I promised to write about remission in my last blog. My intention was to do that early last week, but software failures absorbed the time like a Black Hole gobbles up galaxies.
That’s really a copout. I wasn’t ready to tackle the idea of remission at the beginning of the week. I’m not sure I’m ready to tackle it now.
Having someone tell you you’re in remission is like buying a new pair of shoes. You need to wear them for a while in order to break them in before you feel comfortable wearing them all the time. They may look good, and you know you want to wear them. But they still don’t feel right. At least, not until you get used to them.
I started working my way through that discomfort by trying to define remission knowing that definitions are really nothing more than descriptions.
As far as I can tell, there are three ways to look at definitions and descriptions in this context. The first is in how we describe ourselves. The second, in how we describe others. And, the third, in how we internalize the way we are perceived and then defined by others.
When we are young, we internalize those descriptions to help form an image of ourselves. We become who we think the important people in our lives think we are or should be. If we’re lucky, that changes as we mature and are able to create an image of ourselves more consistent with who we wish to be.
Before my diagnosis, I had a pretty good idea of who I was and what I was all about. I was a husband and a father. A business owner, trade journalist, and educator. After my diagnosis I suddenly found myself defined and described as a cancer patient.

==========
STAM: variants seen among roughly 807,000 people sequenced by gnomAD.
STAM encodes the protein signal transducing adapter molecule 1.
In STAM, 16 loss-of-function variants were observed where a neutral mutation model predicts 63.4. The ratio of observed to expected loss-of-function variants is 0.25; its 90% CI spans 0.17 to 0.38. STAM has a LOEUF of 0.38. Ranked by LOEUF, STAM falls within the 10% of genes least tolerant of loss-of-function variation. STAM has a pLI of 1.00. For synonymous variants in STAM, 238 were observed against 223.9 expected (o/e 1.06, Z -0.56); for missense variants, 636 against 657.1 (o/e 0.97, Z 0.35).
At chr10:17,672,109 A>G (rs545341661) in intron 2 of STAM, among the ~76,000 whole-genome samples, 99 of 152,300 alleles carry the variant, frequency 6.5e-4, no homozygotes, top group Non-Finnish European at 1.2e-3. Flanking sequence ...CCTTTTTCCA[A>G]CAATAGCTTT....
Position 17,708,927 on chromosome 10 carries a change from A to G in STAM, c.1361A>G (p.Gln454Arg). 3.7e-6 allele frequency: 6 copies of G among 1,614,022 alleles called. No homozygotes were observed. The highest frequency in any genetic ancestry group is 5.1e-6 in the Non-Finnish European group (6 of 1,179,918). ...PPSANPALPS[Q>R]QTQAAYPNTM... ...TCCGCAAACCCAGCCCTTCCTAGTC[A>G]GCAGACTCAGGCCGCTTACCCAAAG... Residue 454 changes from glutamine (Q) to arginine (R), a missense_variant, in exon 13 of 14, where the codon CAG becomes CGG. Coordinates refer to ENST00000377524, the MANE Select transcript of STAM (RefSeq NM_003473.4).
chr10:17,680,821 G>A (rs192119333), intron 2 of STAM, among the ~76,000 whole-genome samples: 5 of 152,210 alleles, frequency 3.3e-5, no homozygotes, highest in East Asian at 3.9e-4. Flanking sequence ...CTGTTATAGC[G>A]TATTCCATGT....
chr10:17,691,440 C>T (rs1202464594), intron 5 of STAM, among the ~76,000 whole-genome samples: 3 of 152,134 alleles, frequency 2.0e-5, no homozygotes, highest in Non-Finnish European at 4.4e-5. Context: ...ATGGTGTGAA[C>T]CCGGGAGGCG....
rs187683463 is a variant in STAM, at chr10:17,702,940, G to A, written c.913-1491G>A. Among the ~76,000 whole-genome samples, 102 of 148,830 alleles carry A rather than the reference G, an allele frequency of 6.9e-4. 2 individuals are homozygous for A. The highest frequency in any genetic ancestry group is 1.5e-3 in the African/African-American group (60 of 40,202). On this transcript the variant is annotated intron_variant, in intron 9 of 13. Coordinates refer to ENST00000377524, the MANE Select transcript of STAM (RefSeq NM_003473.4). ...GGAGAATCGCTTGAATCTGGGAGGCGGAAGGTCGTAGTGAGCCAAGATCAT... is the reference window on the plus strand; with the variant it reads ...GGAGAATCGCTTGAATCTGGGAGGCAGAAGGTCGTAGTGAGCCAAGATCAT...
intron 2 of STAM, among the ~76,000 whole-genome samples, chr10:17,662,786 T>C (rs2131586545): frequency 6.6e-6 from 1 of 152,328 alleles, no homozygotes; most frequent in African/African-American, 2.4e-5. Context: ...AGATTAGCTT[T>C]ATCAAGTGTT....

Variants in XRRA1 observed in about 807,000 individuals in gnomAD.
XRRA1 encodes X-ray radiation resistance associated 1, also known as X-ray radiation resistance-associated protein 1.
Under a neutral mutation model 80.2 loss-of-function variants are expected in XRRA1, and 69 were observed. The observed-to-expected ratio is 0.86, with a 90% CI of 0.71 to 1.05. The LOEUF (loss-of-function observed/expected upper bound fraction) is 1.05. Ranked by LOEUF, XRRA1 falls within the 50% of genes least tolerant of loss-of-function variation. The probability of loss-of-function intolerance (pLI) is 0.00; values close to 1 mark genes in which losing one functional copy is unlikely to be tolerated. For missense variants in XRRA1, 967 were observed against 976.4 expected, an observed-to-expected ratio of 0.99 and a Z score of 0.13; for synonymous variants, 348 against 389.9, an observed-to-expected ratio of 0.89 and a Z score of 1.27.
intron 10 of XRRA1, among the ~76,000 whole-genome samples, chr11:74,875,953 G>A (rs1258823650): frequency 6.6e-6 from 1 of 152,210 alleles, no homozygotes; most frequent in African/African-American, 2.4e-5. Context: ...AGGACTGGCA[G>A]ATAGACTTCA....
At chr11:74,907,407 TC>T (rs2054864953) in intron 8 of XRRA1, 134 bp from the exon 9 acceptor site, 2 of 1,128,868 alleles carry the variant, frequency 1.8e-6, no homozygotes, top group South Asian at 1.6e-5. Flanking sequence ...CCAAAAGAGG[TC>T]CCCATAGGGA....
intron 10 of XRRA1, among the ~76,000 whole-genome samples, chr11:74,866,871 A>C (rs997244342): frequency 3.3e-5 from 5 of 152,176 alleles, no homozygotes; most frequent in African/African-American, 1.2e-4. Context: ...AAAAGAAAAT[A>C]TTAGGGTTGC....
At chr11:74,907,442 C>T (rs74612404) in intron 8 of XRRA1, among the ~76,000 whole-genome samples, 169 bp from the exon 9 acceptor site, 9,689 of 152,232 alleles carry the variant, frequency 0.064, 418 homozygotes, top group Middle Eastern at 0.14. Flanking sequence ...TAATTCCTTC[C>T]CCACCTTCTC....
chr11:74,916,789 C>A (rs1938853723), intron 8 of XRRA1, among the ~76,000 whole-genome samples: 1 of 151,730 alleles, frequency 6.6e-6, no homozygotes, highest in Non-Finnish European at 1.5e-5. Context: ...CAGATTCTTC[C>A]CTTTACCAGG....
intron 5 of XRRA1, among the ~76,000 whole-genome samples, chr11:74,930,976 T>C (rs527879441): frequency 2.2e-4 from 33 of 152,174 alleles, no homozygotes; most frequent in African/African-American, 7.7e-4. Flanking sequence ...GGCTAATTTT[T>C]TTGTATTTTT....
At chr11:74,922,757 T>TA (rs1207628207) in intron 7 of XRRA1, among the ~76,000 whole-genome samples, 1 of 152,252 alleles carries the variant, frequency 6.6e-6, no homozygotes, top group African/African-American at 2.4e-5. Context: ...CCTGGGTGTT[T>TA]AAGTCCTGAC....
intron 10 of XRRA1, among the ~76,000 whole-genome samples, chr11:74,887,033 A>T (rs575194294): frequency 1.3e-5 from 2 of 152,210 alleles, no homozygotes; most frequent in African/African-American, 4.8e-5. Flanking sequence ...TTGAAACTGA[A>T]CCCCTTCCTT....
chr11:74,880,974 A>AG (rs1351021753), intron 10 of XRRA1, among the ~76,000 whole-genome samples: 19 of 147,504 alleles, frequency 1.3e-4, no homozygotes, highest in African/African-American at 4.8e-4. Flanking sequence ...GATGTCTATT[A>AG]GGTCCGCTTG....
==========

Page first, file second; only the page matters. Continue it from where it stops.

Back to the Mission
It took years to reconcile my sense of self with that definition. Even now, I’m not sure I was ever successful. Then I became a stem cell/bone marrow transplant candidate. Another externally imposed definition. And now, I’m in remission.
I spent a lifetime carefully crafting an image of who I was consistent with who I wished to become when that description was stripped away replaced by a new definition. First, as a cancer patient. And then as a transplant recipient. Now, just as suddenly, that’s all gone. I’m in remission, but still a little shaky about what that means.
Remission comes from the Latin, remittere. It means to send back or restore. That’s what the prefix ‘re’ is all about. Back. But that’s deceiving. Especially, when it comes to cancer. I’m not sure you can go back. Nor am I sure you can be fully restored. What I am sure of is that remission is an opportunity to redefine who you are based upon what you’ve learned throughout your cancer journey.
For me, it’s right there in the construction of the word: re-mission. Back to the mission. But it’s more than that. It’s about building a new you and that’s what I’m struggling with as I write this.
Who will that new you be?
Especially, now that I get to start over. To build something new. To build someone new.
I don’t know about you, but I’m really curious to see who that new me is going to be all about.bone marrow cancerprimary myelofibrosisremissionstem cell/bone marrow transplanttransplant